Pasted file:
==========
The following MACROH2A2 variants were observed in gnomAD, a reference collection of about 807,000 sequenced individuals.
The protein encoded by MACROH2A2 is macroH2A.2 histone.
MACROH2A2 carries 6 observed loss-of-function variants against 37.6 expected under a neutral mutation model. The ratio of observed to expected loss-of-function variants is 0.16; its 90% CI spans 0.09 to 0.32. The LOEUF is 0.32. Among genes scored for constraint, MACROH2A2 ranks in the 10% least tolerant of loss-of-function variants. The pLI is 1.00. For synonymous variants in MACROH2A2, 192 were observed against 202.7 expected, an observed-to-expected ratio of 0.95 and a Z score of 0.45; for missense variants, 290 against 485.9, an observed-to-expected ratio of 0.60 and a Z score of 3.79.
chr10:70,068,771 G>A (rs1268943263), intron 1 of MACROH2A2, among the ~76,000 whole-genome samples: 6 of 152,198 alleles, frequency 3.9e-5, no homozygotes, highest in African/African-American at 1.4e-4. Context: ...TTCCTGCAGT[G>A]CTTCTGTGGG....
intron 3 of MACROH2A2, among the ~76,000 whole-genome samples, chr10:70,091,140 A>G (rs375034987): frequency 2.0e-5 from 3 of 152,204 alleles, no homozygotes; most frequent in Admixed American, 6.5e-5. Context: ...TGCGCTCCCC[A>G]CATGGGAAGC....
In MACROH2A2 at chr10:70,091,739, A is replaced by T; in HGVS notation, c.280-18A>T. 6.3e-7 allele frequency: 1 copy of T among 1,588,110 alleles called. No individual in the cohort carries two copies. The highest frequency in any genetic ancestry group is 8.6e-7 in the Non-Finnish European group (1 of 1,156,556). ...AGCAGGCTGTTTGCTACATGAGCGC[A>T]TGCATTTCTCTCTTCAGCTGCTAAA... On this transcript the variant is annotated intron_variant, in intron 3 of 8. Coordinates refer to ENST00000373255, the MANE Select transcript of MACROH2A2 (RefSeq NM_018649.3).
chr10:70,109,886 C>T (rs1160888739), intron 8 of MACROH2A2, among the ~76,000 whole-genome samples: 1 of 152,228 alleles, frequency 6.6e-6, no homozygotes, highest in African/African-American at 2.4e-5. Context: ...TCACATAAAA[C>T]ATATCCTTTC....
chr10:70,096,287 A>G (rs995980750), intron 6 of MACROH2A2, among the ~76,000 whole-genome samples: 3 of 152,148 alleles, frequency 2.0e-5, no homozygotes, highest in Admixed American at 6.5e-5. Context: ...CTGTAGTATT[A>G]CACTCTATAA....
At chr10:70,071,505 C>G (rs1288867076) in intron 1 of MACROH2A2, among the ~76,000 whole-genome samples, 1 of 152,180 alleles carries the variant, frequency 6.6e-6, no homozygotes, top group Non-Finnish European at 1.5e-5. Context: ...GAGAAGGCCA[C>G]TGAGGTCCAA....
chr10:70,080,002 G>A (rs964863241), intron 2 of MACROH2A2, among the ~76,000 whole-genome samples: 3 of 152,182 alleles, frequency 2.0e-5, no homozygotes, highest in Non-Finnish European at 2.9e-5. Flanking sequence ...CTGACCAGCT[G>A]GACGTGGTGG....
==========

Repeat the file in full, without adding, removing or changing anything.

The following MACROH2A2 variants were observed in gnomAD, a reference collection of about 807,000 sequenced individuals.
The protein encoded by MACROH2A2 is macroH2A.2 histone.
MACROH2A2 carries 6 observed loss-of-function variants against 37.6 expected under a neutral mutation model. The ratio of observed to expected loss-of-function variants is 0.16; its 90% CI spans 0.09 to 0.32. The LOEUF is 0.32. Among genes scored for constraint, MACROH2A2 ranks in the 10% least tolerant of loss-of-function variants. The pLI is 1.00. For synonymous variants in MACROH2A2, 192 were observed against 202.7 expected, an observed-to-expected ratio of 0.95 and a Z score of 0.45; for missense variants, 290 against 485.9, an observed-to-expected ratio of 0.60 and a Z score of 3.79.
chr10:70,068,771 G>A (rs1268943263), intron 1 of MACROH2A2, among the ~76,000 whole-genome samples: 6 of 152,198 alleles, frequency 3.9e-5, no homozygotes, highest in African/African-American at 1.4e-4. Context: ...TTCCTGCAGT[G>A]CTTCTGTGGG....
intron 3 of MACROH2A2, among the ~76,000 whole-genome samples, chr10:70,091,140 A>G (rs375034987): frequency 2.0e-5 from 3 of 152,204 alleles, no homozygotes; most frequent in Admixed American, 6.5e-5. Context: ...TGCGCTCCCC[A>G]CATGGGAAGC....
In MACROH2A2 at chr10:70,091,739, A is replaced by T; in HGVS notation, c.280-18A>T. 6.3e-7 allele frequency: 1 copy of T among 1,588,110 alleles called. No individual in the cohort carries two copies. The highest frequency in any genetic ancestry group is 8.6e-7 in the Non-Finnish European group (1 of 1,156,556). ...AGCAGGCTGTTTGCTACATGAGCGC[A>T]TGCATTTCTCTCTTCAGCTGCTAAA... On this transcript the variant is annotated intron_variant, in intron 3 of 8. Coordinates refer to ENST00000373255, the MANE Select transcript of MACROH2A2 (RefSeq NM_018649.3).
chr10:70,109,886 C>T (rs1160888739), intron 8 of MACROH2A2, among the ~76,000 whole-genome samples: 1 of 152,228 alleles, frequency 6.6e-6, no homozygotes, highest in African/African-American at 2.4e-5. Context: ...TCACATAAAA[C>T]ATATCCTTTC....
chr10:70,096,287 A>G (rs995980750), intron 6 of MACROH2A2, among the ~76,000 whole-genome samples: 3 of 152,148 alleles, frequency 2.0e-5, no homozygotes, highest in Admixed American at 6.5e-5. Context: ...CTGTAGTATT[A>G]CACTCTATAA....
At chr10:70,071,505 C>G (rs1288867076) in intron 1 of MACROH2A2, among the ~76,000 whole-genome samples, 1 of 152,180 alleles carries the variant, frequency 6.6e-6, no homozygotes, top group Non-Finnish European at 1.5e-5. Context: ...GAGAAGGCCA[C>G]TGAGGTCCAA....
chr10:70,080,002 G>A (rs964863241), intron 2 of MACROH2A2, among the ~76,000 whole-genome samples: 3 of 152,182 alleles, frequency 2.0e-5, no homozygotes, highest in Non-Finnish European at 2.9e-5. Flanking sequence ...CTGACCAGCT[G>A]GACGTGGTGG....